Job Demand Control Model by Robert Karasek

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This article explains the Job Demand Control Model by Robert Karasek in a practical way. After reading it, you will understand the basics of this powerful effectiveness and stress management tool.
What is the Job Demand Control Model?
In 1979, with his Job Demand Control Model (JDC model or Demand Control Support (DCS) model), US sociologist Robert Karasek presented an assessment of stress and stress factors in the work environment (labour intensity) and health promotion in the workplace.

It has become one of the best-known models with regard to workload and work-related stress and emphasises two important aspects:
Height of strain (demands)
These are the requirements that are set at work, including work rate, availability, time pressure, effort and difficulty. Such requirements represent the psychological stressors in the work environment.
Decision latitude (control)
This concerns the freedom an employee has to control and organise his own work. This latitude refers to the control that employees have about their duties and how they want to perform these tasks. It consists of both competence and decision-making authority.

Both the job requirements and the management capabilities can be low or high. The Job Demand Control Model shows that the strain itself does not lead to high psychological stress. It is about the combination of the strain and the decision latitude that the job offers.

If the latitude to organise your work according to your own ideas is limited, this can lead to symptoms of stress. If it is possible for him to regulate the work himself, an employee can often handle the workload more adequately and is more motivated.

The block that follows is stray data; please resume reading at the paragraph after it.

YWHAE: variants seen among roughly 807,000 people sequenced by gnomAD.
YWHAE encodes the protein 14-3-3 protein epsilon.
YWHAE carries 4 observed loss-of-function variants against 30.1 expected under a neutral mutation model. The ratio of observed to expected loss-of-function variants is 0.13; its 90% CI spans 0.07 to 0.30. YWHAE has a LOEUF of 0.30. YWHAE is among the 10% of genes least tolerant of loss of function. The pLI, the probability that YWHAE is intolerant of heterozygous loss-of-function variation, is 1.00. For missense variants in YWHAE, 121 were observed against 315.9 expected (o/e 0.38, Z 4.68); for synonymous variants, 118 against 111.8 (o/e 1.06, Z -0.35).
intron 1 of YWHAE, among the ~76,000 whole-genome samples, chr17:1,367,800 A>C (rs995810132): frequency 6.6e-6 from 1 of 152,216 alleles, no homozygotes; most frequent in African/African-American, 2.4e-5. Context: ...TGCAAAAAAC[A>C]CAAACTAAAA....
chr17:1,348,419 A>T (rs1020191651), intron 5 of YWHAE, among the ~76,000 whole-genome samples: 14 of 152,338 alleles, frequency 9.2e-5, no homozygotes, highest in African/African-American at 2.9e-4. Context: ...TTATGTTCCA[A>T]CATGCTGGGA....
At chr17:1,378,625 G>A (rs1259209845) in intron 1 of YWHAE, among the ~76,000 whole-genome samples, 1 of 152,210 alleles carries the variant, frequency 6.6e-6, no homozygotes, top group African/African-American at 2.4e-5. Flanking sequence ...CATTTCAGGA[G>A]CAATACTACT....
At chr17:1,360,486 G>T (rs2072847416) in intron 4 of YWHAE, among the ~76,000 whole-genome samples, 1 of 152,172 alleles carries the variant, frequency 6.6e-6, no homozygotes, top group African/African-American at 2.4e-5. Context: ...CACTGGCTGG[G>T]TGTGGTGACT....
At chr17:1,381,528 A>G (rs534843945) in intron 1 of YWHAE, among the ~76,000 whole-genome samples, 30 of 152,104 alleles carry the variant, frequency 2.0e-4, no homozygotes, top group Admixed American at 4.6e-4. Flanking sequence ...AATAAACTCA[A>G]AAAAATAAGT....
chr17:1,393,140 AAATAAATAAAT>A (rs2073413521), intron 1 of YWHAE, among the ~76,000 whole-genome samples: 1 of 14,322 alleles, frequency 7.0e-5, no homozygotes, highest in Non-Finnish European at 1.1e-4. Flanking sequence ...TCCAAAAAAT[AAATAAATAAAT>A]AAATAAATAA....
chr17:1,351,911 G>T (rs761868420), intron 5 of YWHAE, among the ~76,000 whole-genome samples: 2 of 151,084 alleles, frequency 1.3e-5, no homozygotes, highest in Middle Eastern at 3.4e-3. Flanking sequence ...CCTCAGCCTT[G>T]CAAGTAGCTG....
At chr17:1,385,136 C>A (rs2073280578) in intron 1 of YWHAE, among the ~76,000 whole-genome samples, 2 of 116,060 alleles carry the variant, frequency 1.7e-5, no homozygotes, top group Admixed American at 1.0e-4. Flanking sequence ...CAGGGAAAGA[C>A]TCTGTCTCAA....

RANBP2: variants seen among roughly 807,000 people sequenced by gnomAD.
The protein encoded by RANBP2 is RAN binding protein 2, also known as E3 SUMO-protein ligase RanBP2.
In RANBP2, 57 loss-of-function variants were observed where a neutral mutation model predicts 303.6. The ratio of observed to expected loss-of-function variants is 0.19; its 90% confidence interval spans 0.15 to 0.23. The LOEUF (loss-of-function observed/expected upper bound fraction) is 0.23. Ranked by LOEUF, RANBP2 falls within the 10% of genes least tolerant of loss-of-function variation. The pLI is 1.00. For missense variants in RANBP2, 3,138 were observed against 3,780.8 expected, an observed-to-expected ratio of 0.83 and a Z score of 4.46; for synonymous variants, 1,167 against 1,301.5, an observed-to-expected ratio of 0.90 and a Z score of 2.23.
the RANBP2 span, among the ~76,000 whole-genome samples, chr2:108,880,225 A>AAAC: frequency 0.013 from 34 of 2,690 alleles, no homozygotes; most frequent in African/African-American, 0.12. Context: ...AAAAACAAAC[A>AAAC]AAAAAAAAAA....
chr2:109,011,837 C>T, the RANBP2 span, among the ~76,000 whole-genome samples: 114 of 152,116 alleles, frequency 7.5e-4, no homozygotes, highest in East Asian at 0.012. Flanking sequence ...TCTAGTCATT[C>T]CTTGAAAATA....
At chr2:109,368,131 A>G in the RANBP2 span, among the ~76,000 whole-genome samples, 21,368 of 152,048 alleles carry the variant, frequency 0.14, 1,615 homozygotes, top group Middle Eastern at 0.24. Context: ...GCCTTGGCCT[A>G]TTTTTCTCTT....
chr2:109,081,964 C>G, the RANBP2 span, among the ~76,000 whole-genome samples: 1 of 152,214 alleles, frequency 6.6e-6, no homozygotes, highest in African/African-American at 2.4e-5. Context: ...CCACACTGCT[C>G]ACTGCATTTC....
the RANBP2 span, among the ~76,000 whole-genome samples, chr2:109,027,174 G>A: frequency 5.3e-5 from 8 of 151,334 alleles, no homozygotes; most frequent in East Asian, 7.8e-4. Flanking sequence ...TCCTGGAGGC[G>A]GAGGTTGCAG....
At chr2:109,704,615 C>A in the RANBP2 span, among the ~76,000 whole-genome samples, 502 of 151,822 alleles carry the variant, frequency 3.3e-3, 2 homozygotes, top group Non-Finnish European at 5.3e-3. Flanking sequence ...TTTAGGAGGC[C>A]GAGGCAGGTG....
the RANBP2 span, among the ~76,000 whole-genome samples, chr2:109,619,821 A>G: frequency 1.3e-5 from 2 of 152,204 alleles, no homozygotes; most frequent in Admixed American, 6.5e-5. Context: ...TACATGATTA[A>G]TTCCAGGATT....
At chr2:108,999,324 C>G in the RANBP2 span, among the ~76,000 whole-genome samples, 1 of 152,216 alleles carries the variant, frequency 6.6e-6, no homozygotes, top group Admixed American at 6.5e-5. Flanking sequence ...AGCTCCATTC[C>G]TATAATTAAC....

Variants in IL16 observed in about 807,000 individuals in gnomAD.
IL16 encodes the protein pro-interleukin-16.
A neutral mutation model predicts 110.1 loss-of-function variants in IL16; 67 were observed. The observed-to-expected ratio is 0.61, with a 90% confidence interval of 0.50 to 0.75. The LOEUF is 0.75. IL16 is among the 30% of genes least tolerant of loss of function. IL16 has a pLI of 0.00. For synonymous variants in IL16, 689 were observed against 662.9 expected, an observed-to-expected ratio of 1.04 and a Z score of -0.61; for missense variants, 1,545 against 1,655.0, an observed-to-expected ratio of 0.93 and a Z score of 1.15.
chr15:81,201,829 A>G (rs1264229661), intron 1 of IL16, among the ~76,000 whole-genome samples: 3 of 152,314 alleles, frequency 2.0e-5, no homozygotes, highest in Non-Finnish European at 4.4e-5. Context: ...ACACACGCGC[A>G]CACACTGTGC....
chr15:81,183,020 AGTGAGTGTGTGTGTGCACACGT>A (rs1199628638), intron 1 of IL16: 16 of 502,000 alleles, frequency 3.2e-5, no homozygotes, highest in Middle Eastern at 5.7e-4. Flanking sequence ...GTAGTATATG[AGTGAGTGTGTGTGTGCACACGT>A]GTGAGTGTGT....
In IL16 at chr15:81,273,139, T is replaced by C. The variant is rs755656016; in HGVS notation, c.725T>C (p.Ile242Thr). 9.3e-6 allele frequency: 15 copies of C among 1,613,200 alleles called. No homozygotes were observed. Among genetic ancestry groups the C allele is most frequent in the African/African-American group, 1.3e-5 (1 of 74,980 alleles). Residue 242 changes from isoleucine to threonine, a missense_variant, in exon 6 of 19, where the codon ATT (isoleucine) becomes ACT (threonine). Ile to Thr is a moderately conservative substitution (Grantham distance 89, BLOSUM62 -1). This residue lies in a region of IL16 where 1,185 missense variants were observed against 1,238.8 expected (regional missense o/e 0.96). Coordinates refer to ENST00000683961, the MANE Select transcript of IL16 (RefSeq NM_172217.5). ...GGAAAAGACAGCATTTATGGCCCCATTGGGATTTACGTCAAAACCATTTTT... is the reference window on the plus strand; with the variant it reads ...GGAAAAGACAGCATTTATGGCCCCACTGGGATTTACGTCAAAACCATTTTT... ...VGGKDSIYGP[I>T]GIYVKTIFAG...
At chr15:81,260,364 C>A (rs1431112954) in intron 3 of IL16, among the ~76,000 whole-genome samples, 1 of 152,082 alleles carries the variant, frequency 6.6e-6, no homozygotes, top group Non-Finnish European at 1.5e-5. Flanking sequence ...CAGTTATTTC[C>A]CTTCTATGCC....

Job stress and the Job Demand Control model
The Job Demand Control Model is aimed at balancing requirements and autonomy; the decision latitude someone has. Robert Karasek posits that employees, who have demanding jobs, experience a lot of stress if they cannot decide when they do the work.

As soon as the (element of) control becomes less or is barely present at all, the workload will feel higher, leading to stress. Conversely it is also true that despite the high demands of the job, the personal control is actually a nice addition that leads to employees feeling far less stressed.

In jobs where control is given to time and deadlines, employees experience a lot more stress than when they can decide and use their own time schedule. This form of autonomy is therefore much more important in stress developmen...

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